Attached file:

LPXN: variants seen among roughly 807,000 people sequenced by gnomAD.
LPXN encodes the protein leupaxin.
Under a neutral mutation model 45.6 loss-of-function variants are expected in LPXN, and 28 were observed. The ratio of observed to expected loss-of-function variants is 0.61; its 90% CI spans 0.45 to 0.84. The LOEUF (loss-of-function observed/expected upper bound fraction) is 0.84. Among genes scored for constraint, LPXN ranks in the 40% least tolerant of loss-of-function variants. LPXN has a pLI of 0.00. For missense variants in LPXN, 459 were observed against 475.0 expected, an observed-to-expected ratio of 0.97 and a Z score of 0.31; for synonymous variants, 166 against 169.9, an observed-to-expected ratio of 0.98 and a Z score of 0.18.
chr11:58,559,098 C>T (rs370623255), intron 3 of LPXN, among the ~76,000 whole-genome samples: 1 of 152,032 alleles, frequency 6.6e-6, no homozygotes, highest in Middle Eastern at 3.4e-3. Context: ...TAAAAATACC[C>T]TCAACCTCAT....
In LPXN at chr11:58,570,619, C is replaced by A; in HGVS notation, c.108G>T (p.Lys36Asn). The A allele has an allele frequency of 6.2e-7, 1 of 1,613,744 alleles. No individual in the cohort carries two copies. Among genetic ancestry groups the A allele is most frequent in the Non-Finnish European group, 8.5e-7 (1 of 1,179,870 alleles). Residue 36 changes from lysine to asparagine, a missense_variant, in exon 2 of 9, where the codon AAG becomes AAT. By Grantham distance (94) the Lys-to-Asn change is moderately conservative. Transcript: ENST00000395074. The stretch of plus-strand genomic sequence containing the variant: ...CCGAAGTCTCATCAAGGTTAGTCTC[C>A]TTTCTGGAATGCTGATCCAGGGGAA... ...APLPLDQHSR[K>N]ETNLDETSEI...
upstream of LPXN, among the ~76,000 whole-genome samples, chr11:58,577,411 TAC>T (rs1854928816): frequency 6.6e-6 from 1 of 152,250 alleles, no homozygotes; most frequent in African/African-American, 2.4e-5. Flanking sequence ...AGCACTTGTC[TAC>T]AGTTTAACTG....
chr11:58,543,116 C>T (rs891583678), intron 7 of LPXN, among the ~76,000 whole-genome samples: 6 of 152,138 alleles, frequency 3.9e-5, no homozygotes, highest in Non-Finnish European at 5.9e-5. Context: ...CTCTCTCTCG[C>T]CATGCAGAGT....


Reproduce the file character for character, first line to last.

LPXN: variants seen among roughly 807,000 people sequenced by gnomAD.
LPXN encodes the protein leupaxin.
Under a neutral mutation model 45.6 loss-of-function variants are expected in LPXN, and 28 were observed. The ratio of observed to expected loss-of-function variants is 0.61; its 90% CI spans 0.45 to 0.84. The LOEUF (loss-of-function observed/expected upper bound fraction) is 0.84. Among genes scored for constraint, LPXN ranks in the 40% least tolerant of loss-of-function variants. LPXN has a pLI of 0.00. For missense variants in LPXN, 459 were observed against 475.0 expected, an observed-to-expected ratio of 0.97 and a Z score of 0.31; for synonymous variants, 166 against 169.9, an observed-to-expected ratio of 0.98 and a Z score of 0.18.
chr11:58,559,098 C>T (rs370623255), intron 3 of LPXN, among the ~76,000 whole-genome samples: 1 of 152,032 alleles, frequency 6.6e-6, no homozygotes, highest in Middle Eastern at 3.4e-3. Context: ...TAAAAATACC[C>T]TCAACCTCAT....
In LPXN at chr11:58,570,619, C is replaced by A; in HGVS notation, c.108G>T (p.Lys36Asn). The A allele has an allele frequency of 6.2e-7, 1 of 1,613,744 alleles. No individual in the cohort carries two copies. Among genetic ancestry groups the A allele is most frequent in the Non-Finnish European group, 8.5e-7 (1 of 1,179,870 alleles). Residue 36 changes from lysine to asparagine, a missense_variant, in exon 2 of 9, where the codon AAG becomes AAT. By Grantham distance (94) the Lys-to-Asn change is moderately conservative. Transcript: ENST00000395074. The stretch of plus-strand genomic sequence containing the variant: ...CCGAAGTCTCATCAAGGTTAGTCTC[C>A]TTTCTGGAATGCTGATCCAGGGGAA... ...APLPLDQHSR[K>N]ETNLDETSEI...
upstream of LPXN, among the ~76,000 whole-genome samples, chr11:58,577,411 TAC>T (rs1854928816): frequency 6.6e-6 from 1 of 152,250 alleles, no homozygotes; most frequent in African/African-American, 2.4e-5. Flanking sequence ...AGCACTTGTC[TAC>T]AGTTTAACTG....
chr11:58,543,116 C>T (rs891583678), intron 7 of LPXN, among the ~76,000 whole-genome samples: 6 of 152,138 alleles, frequency 3.9e-5, no homozygotes, highest in Non-Finnish European at 5.9e-5. Context: ...CTCTCTCTCG[C>T]CATGCAGAGT....